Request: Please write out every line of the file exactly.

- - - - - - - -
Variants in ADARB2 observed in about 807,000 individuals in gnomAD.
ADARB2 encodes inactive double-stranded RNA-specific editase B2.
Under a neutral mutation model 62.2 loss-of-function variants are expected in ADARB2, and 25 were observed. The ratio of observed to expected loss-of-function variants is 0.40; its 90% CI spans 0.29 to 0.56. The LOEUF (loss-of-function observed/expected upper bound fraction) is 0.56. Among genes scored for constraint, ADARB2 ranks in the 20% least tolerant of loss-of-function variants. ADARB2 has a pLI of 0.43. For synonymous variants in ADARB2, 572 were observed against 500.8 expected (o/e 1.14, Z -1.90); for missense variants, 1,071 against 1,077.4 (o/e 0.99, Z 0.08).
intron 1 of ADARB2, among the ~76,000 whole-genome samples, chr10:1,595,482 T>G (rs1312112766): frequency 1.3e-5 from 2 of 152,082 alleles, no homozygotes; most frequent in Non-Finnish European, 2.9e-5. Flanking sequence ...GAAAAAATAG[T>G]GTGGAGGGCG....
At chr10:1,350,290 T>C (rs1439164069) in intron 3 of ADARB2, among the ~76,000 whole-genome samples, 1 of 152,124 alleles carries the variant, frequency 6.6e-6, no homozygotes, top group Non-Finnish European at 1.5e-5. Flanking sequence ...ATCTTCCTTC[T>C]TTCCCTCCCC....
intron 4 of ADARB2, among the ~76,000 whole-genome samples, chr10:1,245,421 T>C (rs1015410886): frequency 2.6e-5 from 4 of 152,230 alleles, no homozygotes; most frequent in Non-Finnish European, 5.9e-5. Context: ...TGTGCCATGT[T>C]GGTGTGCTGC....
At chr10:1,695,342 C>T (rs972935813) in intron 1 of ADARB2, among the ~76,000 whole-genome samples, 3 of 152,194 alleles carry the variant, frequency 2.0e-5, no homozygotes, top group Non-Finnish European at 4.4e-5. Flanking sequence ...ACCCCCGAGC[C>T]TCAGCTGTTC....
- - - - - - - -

Variants in ADARB2 observed in about 807,000 individuals in gnomAD.
ADARB2 encodes inactive double-stranded RNA-specific editase B2.
Under a neutral mutation model 62.2 loss-of-function variants are expected in ADARB2, and 25 were observed. The ratio of observed to expected loss-of-function variants is 0.40; its 90% CI spans 0.29 to 0.56. The LOEUF (loss-of-function observed/expected upper bound fraction) is 0.56. Among genes scored for constraint, ADARB2 ranks in the 20% least tolerant of loss-of-function variants. ADARB2 has a pLI of 0.43. For synonymous variants in ADARB2, 572 were observed against 500.8 expected (o/e 1.14, Z -1.90); for missense variants, 1,071 against 1,077.4 (o/e 0.99, Z 0.08).
intron 1 of ADARB2, among the ~76,000 whole-genome samples, chr10:1,595,482 T>G (rs1312112766): frequency 1.3e-5 from 2 of 152,082 alleles, no homozygotes; most frequent in Non-Finnish European, 2.9e-5. Flanking sequence ...GAAAAAATAG[T>G]GTGGAGGGCG....
At chr10:1,350,290 T>C (rs1439164069) in intron 3 of ADARB2, among the ~76,000 whole-genome samples, 1 of 152,124 alleles carries the variant, frequency 6.6e-6, no homozygotes, top group Non-Finnish European at 1.5e-5. Flanking sequence ...ATCTTCCTTC[T>C]TTCCCTCCCC....
intron 4 of ADARB2, among the ~76,000 whole-genome samples, chr10:1,245,421 T>C (rs1015410886): frequency 2.6e-5 from 4 of 152,230 alleles, no homozygotes; most frequent in Non-Finnish European, 5.9e-5. Context: ...TGTGCCATGT[T>C]GGTGTGCTGC....
At chr10:1,695,342 C>T (rs972935813) in intron 1 of ADARB2, among the ~76,000 whole-genome samples, 3 of 152,194 alleles carry the variant, frequency 2.0e-5, no homozygotes, top group Non-Finnish European at 4.4e-5. Flanking sequence ...ACCCCCGAGC[C>T]TCAGCTGTTC....